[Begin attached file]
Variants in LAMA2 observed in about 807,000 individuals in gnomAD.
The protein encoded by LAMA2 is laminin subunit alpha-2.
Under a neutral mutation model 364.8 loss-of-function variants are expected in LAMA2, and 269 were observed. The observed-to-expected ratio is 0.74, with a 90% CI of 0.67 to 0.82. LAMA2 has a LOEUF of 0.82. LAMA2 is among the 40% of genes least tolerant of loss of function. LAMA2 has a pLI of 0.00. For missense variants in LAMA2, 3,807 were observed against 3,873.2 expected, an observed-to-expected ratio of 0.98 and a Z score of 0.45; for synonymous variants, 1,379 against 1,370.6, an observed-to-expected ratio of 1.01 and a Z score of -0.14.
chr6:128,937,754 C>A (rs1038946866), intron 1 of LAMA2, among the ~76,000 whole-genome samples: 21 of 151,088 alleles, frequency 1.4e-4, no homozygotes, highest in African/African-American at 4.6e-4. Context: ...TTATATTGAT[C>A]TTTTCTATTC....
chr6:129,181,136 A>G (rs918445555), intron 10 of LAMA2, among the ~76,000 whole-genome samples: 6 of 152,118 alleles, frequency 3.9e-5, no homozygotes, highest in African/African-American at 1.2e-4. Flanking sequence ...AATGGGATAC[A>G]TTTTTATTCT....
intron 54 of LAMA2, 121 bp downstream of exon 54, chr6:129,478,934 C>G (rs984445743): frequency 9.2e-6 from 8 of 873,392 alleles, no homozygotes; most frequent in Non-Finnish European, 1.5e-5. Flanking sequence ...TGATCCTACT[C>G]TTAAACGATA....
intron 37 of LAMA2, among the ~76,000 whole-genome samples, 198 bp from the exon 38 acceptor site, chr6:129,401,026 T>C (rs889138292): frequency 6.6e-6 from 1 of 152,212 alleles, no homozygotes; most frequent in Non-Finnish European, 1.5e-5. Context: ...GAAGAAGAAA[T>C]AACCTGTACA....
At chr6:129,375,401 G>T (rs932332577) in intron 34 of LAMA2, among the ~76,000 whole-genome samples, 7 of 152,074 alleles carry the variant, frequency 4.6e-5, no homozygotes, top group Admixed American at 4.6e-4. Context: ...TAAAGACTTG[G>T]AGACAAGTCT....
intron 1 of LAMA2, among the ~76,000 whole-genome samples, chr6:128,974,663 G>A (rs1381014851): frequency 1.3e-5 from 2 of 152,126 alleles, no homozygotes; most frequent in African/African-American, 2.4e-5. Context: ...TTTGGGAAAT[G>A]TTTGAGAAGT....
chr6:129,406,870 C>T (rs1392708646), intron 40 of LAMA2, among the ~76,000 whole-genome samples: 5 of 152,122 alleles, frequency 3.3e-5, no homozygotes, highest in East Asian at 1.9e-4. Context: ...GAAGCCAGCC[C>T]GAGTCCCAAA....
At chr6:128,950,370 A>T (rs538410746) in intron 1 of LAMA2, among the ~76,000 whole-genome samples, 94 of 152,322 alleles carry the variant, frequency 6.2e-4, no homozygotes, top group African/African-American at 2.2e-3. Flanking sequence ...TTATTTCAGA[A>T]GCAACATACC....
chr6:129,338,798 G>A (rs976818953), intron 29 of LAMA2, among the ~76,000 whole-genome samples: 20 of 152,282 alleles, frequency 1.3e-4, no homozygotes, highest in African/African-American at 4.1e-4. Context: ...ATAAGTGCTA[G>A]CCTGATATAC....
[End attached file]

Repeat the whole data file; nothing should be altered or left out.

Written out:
Variants in LAMA2 observed in about 807,000 individuals in gnomAD.
The protein encoded by LAMA2 is laminin subunit alpha-2.
Under a neutral mutation model 364.8 loss-of-function variants are expected in LAMA2, and 269 were observed. The observed-to-expected ratio is 0.74, with a 90% CI of 0.67 to 0.82. LAMA2 has a LOEUF of 0.82. LAMA2 is among the 40% of genes least tolerant of loss of function. LAMA2 has a pLI of 0.00. For missense variants in LAMA2, 3,807 were observed against 3,873.2 expected, an observed-to-expected ratio of 0.98 and a Z score of 0.45; for synonymous variants, 1,379 against 1,370.6, an observed-to-expected ratio of 1.01 and a Z score of -0.14.
chr6:128,937,754 C>A (rs1038946866), intron 1 of LAMA2, among the ~76,000 whole-genome samples: 21 of 151,088 alleles, frequency 1.4e-4, no homozygotes, highest in African/African-American at 4.6e-4. Context: ...TTATATTGAT[C>A]TTTTCTATTC....
chr6:129,181,136 A>G (rs918445555), intron 10 of LAMA2, among the ~76,000 whole-genome samples: 6 of 152,118 alleles, frequency 3.9e-5, no homozygotes, highest in African/African-American at 1.2e-4. Flanking sequence ...AATGGGATAC[A>G]TTTTTATTCT....
intron 54 of LAMA2, 121 bp downstream of exon 54, chr6:129,478,934 C>G (rs984445743): frequency 9.2e-6 from 8 of 873,392 alleles, no homozygotes; most frequent in Non-Finnish European, 1.5e-5. Flanking sequence ...TGATCCTACT[C>G]TTAAACGATA....
intron 37 of LAMA2, among the ~76,000 whole-genome samples, 198 bp from the exon 38 acceptor site, chr6:129,401,026 T>C (rs889138292): frequency 6.6e-6 from 1 of 152,212 alleles, no homozygotes; most frequent in Non-Finnish European, 1.5e-5. Context: ...GAAGAAGAAA[T>C]AACCTGTACA....
At chr6:129,375,401 G>T (rs932332577) in intron 34 of LAMA2, among the ~76,000 whole-genome samples, 7 of 152,074 alleles carry the variant, frequency 4.6e-5, no homozygotes, top group Admixed American at 4.6e-4. Context: ...TAAAGACTTG[G>T]AGACAAGTCT....
intron 1 of LAMA2, among the ~76,000 whole-genome samples, chr6:128,974,663 G>A (rs1381014851): frequency 1.3e-5 from 2 of 152,126 alleles, no homozygotes; most frequent in African/African-American, 2.4e-5. Context: ...TTTGGGAAAT[G>A]TTTGAGAAGT....
chr6:129,406,870 C>T (rs1392708646), intron 40 of LAMA2, among the ~76,000 whole-genome samples: 5 of 152,122 alleles, frequency 3.3e-5, no homozygotes, highest in East Asian at 1.9e-4. Context: ...GAAGCCAGCC[C>T]GAGTCCCAAA....
At chr6:128,950,370 A>T (rs538410746) in intron 1 of LAMA2, among the ~76,000 whole-genome samples, 94 of 152,322 alleles carry the variant, frequency 6.2e-4, no homozygotes, top group African/African-American at 2.2e-3. Flanking sequence ...TTATTTCAGA[A>T]GCAACATACC....
chr6:129,338,798 G>A (rs976818953), intron 29 of LAMA2, among the ~76,000 whole-genome samples: 20 of 152,282 alleles, frequency 1.3e-4, no homozygotes, highest in African/African-American at 4.1e-4. Context: ...ATAAGTGCTA[G>A]CCTGATATAC....